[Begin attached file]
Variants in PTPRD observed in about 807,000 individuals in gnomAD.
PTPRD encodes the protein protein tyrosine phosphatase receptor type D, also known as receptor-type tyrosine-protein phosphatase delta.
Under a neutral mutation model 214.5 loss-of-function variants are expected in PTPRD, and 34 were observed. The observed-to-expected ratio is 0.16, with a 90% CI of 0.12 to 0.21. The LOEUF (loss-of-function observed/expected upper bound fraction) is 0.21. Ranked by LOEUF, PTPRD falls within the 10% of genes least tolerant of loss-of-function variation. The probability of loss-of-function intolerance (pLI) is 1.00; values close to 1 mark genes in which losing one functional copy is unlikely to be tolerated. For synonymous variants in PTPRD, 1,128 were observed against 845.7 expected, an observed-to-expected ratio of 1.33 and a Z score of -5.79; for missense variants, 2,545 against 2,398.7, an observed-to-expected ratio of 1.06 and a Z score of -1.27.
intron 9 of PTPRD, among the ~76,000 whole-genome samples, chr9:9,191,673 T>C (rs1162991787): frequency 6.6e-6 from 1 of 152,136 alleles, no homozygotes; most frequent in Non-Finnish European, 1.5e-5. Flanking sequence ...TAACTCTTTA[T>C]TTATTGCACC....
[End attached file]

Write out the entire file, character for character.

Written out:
Variants in PTPRD observed in about 807,000 individuals in gnomAD.
PTPRD encodes the protein protein tyrosine phosphatase receptor type D, also known as receptor-type tyrosine-protein phosphatase delta.
Under a neutral mutation model 214.5 loss-of-function variants are expected in PTPRD, and 34 were observed. The observed-to-expected ratio is 0.16, with a 90% CI of 0.12 to 0.21. The LOEUF (loss-of-function observed/expected upper bound fraction) is 0.21. Ranked by LOEUF, PTPRD falls within the 10% of genes least tolerant of loss-of-function variation. The probability of loss-of-function intolerance (pLI) is 1.00; values close to 1 mark genes in which losing one functional copy is unlikely to be tolerated. For synonymous variants in PTPRD, 1,128 were observed against 845.7 expected, an observed-to-expected ratio of 1.33 and a Z score of -5.79; for missense variants, 2,545 against 2,398.7, an observed-to-expected ratio of 1.06 and a Z score of -1.27.
intron 9 of PTPRD, among the ~76,000 whole-genome samples, chr9:9,191,673 T>C (rs1162991787): frequency 6.6e-6 from 1 of 152,136 alleles, no homozygotes; most frequent in Non-Finnish European, 1.5e-5. Flanking sequence ...TAACTCTTTA[T>C]TTATTGCACC....